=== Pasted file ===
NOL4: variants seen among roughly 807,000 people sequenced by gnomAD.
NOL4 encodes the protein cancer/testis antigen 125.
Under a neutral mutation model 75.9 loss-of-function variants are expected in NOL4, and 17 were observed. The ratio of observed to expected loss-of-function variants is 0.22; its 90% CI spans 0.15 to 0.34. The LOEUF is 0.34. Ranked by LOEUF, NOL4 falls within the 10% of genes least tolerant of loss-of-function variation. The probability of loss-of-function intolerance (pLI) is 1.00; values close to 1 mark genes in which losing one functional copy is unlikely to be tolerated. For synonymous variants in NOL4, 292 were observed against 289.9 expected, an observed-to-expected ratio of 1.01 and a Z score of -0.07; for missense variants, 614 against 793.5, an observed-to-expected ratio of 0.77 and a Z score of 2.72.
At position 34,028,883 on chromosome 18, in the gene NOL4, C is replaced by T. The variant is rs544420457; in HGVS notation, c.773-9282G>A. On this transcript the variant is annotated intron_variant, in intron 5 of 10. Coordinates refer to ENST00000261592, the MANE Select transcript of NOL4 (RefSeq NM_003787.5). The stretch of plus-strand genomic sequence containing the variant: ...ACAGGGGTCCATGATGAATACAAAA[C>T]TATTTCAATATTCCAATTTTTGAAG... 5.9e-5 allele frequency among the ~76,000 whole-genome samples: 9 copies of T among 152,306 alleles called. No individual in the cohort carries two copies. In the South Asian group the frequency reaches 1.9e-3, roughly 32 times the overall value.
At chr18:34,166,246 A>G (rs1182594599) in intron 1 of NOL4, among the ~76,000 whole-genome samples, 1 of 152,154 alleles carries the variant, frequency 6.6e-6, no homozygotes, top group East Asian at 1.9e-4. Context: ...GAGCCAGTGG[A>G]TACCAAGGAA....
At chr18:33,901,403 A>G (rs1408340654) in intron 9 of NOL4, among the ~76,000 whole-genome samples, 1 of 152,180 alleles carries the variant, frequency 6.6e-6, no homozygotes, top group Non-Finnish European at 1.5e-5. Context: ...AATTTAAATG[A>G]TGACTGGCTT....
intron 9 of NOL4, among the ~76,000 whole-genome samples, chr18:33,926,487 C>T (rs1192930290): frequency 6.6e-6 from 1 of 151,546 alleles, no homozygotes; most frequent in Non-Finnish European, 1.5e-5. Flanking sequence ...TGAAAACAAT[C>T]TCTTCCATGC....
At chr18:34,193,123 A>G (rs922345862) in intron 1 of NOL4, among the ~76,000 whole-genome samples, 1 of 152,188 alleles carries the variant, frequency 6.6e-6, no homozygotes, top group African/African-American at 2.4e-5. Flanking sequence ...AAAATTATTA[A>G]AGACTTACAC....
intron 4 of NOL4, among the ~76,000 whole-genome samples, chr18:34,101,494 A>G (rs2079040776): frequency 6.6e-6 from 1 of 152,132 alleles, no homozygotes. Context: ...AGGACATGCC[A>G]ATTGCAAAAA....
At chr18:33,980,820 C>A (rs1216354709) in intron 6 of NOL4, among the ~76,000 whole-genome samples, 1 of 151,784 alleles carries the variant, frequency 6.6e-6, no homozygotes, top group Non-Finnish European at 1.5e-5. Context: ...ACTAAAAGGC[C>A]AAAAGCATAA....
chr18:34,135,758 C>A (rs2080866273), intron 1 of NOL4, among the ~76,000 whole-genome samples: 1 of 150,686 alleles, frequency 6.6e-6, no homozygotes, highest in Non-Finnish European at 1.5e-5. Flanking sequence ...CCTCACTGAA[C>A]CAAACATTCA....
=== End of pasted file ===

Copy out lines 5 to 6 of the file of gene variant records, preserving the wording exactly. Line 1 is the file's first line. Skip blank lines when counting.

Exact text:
At chr18:34,166,246 A>G (rs1182594599) in intron 1 of NOL4, among the ~76,000 whole-genome samples, 1 of 152,154 alleles carries the variant, frequency 6.6e-6, no homozygotes, top group East Asian at 1.9e-4. Context: ...GAGCCAGTGG[A>G]TACCAAGGAA....
At chr18:33,901,403 A>G (rs1408340654) in intron 9 of NOL4, among the ~76,000 whole-genome samples, 1 of 152,180 alleles carries the variant, frequency 6.6e-6, no homozygotes, top group Non-Finnish European at 1.5e-5. Context: ...AATTTAAATG[A>G]TGACTGGCTT....